In our previous blog, we discussed some measures which were suggested by the Organisation for Economic Co-operation and Development (“OECD”) to ease the cash flow crunch being faced by taxpayers due to the COVID-19 situation. In continuation with the same, this blog will focus on the key issues highlighted by the OECD, which should be considered by nations while granting these benefits.
In addition to the above, restriction on movement of people due to lockdowns imposed in various countries is also likely to give rise to other issues. The OECD has analysed tax treaty provisions to determine the potential impact of such restrictions on exposure to permanent establishments (“PE”) and the ‘place of effective management’ (“POEM”) of companies. This analysis is also discussed in this blog.
A. Factors impacting tax policies
As a body, which plays the role of setting good standards for tax administrations, the OECD has discussed a number of issues and concerns, which should be carefully considered by tax administrations around the world while selecting the measures to be introduced for easing the pain of cash flow and compliance burden of taxpayers. These are discussed below:
- Whether to adopt a targeted approach and only apply measures to taxpayers that are the most affected by Covid-19?
One of the key decisions, which needs to be taken by tax administrations, is whether the benefit or relief should be extended to all or to a select group of taxpayers, which is identified as being most impacted by COVID 19. In the latter case, the tax administrations should consider how best to provide clear criteria and requirements for evidence to reduce burden and stress on both taxpayers and the tax administration. This can also be used selectively in respect of some measures discussed in the previous blog. E.g. Australia has given the option to taxpayers to approach the tax authorities for reliefs. This could be one of the ways to achieve the targeted approach.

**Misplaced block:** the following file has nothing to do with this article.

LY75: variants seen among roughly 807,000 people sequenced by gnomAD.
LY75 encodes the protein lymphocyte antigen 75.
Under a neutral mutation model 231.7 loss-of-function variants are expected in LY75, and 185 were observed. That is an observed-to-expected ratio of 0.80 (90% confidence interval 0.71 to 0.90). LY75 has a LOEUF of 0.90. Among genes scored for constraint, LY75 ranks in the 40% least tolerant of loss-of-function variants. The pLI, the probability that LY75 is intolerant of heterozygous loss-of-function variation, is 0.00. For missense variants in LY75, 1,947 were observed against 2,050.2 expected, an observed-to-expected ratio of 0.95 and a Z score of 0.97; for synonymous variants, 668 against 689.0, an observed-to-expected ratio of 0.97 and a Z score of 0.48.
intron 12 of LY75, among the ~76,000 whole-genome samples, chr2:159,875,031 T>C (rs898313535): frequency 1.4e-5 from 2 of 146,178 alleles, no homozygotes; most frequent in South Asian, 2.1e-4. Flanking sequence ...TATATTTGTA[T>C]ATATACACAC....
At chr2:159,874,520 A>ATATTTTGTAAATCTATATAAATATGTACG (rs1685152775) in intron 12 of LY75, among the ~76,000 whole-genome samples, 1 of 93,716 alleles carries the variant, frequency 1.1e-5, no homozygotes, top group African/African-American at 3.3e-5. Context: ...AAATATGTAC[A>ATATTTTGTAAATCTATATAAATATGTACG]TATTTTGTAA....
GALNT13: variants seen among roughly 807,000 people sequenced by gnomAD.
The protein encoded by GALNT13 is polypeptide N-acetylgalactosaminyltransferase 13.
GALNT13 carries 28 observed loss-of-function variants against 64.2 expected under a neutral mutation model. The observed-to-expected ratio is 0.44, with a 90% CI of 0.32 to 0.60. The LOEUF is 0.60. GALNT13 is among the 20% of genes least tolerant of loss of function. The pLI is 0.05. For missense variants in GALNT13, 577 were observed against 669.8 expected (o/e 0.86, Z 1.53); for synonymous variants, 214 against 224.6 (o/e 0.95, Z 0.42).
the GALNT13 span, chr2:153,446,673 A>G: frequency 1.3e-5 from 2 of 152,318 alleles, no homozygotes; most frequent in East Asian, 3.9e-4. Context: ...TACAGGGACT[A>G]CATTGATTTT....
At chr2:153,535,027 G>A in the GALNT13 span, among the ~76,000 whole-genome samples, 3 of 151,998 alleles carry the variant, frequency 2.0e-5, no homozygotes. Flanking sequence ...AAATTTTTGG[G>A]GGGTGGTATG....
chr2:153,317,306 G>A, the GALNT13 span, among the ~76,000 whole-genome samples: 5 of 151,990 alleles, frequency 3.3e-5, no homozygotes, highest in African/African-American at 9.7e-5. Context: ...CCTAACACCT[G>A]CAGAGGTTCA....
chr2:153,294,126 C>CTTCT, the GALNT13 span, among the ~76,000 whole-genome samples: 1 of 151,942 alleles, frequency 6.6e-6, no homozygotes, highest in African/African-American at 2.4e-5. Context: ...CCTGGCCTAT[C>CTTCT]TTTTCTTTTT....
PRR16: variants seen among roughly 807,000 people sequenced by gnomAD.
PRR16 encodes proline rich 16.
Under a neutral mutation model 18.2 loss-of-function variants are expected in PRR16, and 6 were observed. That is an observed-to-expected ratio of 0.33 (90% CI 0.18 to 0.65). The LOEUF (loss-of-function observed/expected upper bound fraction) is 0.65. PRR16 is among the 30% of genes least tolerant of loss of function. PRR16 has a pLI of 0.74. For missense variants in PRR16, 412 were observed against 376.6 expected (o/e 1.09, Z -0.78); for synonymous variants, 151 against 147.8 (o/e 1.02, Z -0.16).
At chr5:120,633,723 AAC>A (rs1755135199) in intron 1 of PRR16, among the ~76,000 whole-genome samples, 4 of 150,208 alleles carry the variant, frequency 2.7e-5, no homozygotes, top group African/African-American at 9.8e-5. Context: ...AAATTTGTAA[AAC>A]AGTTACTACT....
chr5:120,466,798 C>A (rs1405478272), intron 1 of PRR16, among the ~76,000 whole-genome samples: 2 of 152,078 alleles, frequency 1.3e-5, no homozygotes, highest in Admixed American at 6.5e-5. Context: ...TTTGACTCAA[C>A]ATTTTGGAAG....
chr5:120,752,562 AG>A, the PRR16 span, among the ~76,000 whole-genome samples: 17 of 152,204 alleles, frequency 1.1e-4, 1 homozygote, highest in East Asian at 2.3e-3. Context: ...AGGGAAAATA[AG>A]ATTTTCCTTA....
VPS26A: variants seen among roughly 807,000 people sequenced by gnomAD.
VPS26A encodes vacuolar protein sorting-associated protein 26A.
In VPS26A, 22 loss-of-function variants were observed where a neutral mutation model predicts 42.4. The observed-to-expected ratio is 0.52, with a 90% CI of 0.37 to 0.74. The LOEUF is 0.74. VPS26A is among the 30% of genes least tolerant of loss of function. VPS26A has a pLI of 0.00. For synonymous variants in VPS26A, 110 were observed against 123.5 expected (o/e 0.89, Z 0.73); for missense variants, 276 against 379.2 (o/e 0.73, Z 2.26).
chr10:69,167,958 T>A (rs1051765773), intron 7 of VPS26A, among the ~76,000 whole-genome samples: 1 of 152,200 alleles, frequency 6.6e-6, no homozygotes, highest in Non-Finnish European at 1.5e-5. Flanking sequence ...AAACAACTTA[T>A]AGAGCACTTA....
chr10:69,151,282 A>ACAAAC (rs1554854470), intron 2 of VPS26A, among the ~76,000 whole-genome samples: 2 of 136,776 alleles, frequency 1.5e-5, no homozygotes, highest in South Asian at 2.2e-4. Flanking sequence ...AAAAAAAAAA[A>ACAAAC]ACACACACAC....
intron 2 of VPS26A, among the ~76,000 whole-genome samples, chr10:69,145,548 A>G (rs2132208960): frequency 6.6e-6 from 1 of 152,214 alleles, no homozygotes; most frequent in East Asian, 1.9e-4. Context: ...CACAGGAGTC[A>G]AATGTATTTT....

While this proposition has merit when limited resources need to be used most effectively, providing benefits only to those who are able to demonstrate any impact of COVID-19 may be challenging and will increase the administrative burden leading to tax litigation. The tax administration will need to act more proactively in identifying the most suitable measures for the most impacted sectors. The impacted sectors could make appropriate representations for just the targeted benefits that they need, knowing full well that the ability of the administration to give concessions is limited.
- The consequences that may arise for taxpayers due to actions of tax administrations
The OECD recognises that the decision to defer tax reporting or filing may impact refund of taxes to the taxpayer. This may have a negative impact on the cashflow of taxpayers and increase their problems rather than alleviate them. E.g. in cases where withholding tax or advance tax payments have resulted in higher amount of tax paid than what is actually payable for the relevant year. The refund would not be due till the return is filed and processed. Hence, in case of such taxpayers, the deferral of return filing date may not be a solution.
The fact that OECD has identified this issue, indicates clearly that this issue is faced in many jurisdictions. Also, in a cross-border situation, this may potentially lead to unavailability of timely foreign tax credit since this may lead to timing differences.
- The duration of measures building up to unsustainable debt burden
Tax authorities will also have to take a call on the duration of the measures being announced in response to the COVID-19 situation. While short-term measures may not provide the certainty that taxpayers are looking for, given their own views on the impact on cash flows, etc., longer term measures may result in debts building up to unsustainable levels or deferred payments leading to severe cashflow problems at a later date.